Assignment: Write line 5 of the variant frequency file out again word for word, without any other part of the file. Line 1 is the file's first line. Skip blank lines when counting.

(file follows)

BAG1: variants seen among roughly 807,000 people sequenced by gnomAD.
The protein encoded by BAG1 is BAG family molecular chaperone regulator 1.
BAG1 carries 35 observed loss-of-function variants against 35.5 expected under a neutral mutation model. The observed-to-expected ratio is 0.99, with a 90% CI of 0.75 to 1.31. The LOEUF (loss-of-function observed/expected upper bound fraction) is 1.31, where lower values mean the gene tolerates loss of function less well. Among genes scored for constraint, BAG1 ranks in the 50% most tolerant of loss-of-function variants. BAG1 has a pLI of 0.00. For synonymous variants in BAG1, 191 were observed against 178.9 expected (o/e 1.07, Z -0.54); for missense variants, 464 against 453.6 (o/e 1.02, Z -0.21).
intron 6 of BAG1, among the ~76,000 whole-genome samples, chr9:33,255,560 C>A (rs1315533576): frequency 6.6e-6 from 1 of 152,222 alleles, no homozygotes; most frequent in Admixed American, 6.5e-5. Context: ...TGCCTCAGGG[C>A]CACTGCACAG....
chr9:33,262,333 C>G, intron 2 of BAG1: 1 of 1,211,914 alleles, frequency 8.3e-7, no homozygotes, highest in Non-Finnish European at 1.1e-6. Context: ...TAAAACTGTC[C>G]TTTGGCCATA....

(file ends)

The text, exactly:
chr9:33,262,333 C>G, intron 2 of BAG1: 1 of 1,211,914 alleles, frequency 8.3e-7, no homozygotes, highest in Non-Finnish European at 1.1e-6. Context: ...TAAAACTGTC[C>G]TTTGGCCATA....